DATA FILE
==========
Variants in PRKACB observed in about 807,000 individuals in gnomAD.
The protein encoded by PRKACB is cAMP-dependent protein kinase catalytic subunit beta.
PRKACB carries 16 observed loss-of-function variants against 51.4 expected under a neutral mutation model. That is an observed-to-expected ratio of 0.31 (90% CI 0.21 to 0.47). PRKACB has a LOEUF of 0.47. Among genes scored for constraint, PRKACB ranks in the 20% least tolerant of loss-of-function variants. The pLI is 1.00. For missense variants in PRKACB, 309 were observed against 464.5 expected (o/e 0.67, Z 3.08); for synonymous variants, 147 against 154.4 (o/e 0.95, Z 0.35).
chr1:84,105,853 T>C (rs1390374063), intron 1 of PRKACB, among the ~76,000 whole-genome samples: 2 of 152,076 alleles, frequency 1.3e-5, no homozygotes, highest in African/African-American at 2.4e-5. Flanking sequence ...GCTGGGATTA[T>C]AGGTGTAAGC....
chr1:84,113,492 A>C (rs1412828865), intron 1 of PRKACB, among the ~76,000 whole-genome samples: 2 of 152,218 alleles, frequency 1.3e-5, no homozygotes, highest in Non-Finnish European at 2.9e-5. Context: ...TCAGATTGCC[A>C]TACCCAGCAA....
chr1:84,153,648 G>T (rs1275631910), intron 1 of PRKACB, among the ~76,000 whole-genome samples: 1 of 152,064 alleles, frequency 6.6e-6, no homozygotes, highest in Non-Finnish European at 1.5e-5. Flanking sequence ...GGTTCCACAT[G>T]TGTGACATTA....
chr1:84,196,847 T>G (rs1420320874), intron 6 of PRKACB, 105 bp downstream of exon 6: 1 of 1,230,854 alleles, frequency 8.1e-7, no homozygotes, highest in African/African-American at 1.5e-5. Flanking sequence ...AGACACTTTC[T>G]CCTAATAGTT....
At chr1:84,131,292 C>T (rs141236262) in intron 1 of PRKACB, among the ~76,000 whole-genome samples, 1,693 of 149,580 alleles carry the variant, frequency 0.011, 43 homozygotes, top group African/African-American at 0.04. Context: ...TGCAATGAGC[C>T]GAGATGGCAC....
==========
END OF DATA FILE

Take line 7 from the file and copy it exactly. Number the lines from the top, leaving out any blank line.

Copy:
chr1:84,196,847 T>G (rs1420320874), intron 6 of PRKACB, 105 bp downstream of exon 6: 1 of 1,230,854 alleles, frequency 8.1e-7, no homozygotes, highest in African/African-American at 1.5e-5. Flanking sequence ...AGACACTTTC[T>G]CCTAATAGTT....